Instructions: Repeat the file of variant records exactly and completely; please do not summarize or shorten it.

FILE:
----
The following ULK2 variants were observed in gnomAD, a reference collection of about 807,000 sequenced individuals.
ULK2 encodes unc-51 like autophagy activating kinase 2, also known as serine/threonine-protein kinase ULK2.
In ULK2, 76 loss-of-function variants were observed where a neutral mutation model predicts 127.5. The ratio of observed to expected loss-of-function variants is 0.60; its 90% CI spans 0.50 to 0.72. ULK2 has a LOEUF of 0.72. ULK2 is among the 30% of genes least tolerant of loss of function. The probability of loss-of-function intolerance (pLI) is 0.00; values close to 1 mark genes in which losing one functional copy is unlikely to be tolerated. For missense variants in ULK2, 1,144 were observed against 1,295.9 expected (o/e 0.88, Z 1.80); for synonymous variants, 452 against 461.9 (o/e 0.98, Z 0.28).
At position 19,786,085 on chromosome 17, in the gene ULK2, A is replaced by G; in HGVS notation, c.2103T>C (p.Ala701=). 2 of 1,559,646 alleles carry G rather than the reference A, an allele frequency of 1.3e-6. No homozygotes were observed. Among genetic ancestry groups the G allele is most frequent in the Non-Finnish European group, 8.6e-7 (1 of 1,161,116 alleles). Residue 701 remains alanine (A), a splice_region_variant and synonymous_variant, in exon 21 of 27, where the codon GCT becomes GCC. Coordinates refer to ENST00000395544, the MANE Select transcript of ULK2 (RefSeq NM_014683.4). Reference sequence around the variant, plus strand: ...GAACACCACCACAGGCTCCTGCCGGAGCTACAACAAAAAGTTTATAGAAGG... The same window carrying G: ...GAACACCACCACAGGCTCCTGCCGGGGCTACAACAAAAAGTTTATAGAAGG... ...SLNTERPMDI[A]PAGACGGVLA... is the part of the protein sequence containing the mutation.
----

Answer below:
The following ULK2 variants were observed in gnomAD, a reference collection of about 807,000 sequenced individuals.
ULK2 encodes unc-51 like autophagy activating kinase 2, also known as serine/threonine-protein kinase ULK2.
In ULK2, 76 loss-of-function variants were observed where a neutral mutation model predicts 127.5. The ratio of observed to expected loss-of-function variants is 0.60; its 90% CI spans 0.50 to 0.72. ULK2 has a LOEUF of 0.72. ULK2 is among the 30% of genes least tolerant of loss of function. The probability of loss-of-function intolerance (pLI) is 0.00; values close to 1 mark genes in which losing one functional copy is unlikely to be tolerated. For missense variants in ULK2, 1,144 were observed against 1,295.9 expected (o/e 0.88, Z 1.80); for synonymous variants, 452 against 461.9 (o/e 0.98, Z 0.28).
At position 19,786,085 on chromosome 17, in the gene ULK2, A is replaced by G; in HGVS notation, c.2103T>C (p.Ala701=). 2 of 1,559,646 alleles carry G rather than the reference A, an allele frequency of 1.3e-6. No homozygotes were observed. Among genetic ancestry groups the G allele is most frequent in the Non-Finnish European group, 8.6e-7 (1 of 1,161,116 alleles). Residue 701 remains alanine (A), a splice_region_variant and synonymous_variant, in exon 21 of 27, where the codon GCT becomes GCC. Coordinates refer to ENST00000395544, the MANE Select transcript of ULK2 (RefSeq NM_014683.4). Reference sequence around the variant, plus strand: ...GAACACCACCACAGGCTCCTGCCGGAGCTACAACAAAAAGTTTATAGAAGG... The same window carrying G: ...GAACACCACCACAGGCTCCTGCCGGGGCTACAACAAAAAGTTTATAGAAGG... ...SLNTERPMDI[A]PAGACGGVLA... is the part of the protein sequence containing the mutation.